Hitting another pandemic wall? Here’s how to breakthrough.

(Photo above by Loc Dang / Pexels)

At the beginning of the summer we had high hopes. Concerts were coming back. Restaurants were opening up. Dating seemed possible. Now the uptick in the delta variant cases is giving us pandemic whiplash. Facing an uncertain fall, we are getting reacquainted with familiar feelings of anxiety and fatigue.

However, we do not have to wait until the pandemic is over to live our best lives.  Buddhism teaches we should be neither paralyzed by fear nor reckless and ignore important safety precautions. Here are some helpful Buddhist ideas on how to break through another pandemic wall.

Don’t be intimidated.

While it’s only natural to feel afraid, we can’t let fear take away our hope and passion for life. Emotions such as fear are proven to block rational skills. According to psychologist Shahram Heshmat, our brains are constantly negotiating between cognitive skills (such as weighing evidence) and emotional appraisals (such as intuition). When we are overwhelmed with an emotional response to something concerning, like a video or photo, and are filled with fear, it blocks our ability to think rationally  and prevents us from addressing real problems.

Buddhist philosopher Daisaku Ikeda describes this internal tug-of-war happening at any given moment when he writes:

The key to battling obstacles or negative forces exists within our own hearts. No matter how formidable an obstacle … may be, there is no reason to fear it. Rather, what we should fear is giving in to the weakness in our own hearts to be swayed or intimidated by them.

Daisaku Ikeda

We chant Nam-myoho-renge-kyo to win this battle within each day. Chanting helps regulate emotions, such as fear, that distort how we look at our present situation. Chanting is a way to acknowledge the reality that fear clouds: that we have Buddhability and there are limitless possibilities in any given moment. We start believing there is a way forward.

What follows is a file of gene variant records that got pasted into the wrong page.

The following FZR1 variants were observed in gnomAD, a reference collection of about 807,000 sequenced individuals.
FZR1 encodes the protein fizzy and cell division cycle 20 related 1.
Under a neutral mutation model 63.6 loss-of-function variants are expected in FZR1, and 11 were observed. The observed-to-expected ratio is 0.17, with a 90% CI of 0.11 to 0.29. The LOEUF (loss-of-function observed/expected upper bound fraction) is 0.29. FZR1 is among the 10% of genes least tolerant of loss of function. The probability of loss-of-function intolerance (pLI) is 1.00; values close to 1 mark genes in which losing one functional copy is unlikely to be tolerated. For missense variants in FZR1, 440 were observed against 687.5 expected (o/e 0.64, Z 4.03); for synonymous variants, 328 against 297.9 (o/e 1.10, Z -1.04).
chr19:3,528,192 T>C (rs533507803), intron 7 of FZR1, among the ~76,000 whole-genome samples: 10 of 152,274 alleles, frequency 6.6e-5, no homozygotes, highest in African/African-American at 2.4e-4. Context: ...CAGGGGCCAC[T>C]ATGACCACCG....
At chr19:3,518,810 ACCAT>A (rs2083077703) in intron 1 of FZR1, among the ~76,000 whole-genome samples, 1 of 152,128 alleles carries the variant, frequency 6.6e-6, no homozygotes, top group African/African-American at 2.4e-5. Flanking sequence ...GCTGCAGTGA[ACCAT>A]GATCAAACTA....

Though our goal is to overcome our fear, Buddhism in no way encourages us to be careless when it comes to keeping ourselves safe. Buddhism is all about acknowledging reality; it’s not about leaving things to chance or magic. The more we chant, the better we feel about ourselves and our future. We find the motivation to take the best precautions and follow safety protocols when it comes to COVID-19 and the delta variant.

Though our goal is to overcome our fear, Buddhism in no way encourages us to be careless when it comes to keeping ourselves safe.

We create the future today.

Buddhism is not about waiting for the right circumstances; it is about creating them. Whatever action we take today will shape the future. It’s just that simple. That’s why we can’t let our fear trip us up and instead take just one more step forward.

What does Macbeth and the theory of gravity have in common? Both were developed during a pandemic while their creators were in lockdown.

In other words, those who win the intense battle within each day and take action toward their goals will definitely not look back at this pandemic as a “waste of time.”  We can give deep meaning to all the challenges and pain we are facing today. We can use them to write a story that will inspire people for years to come.

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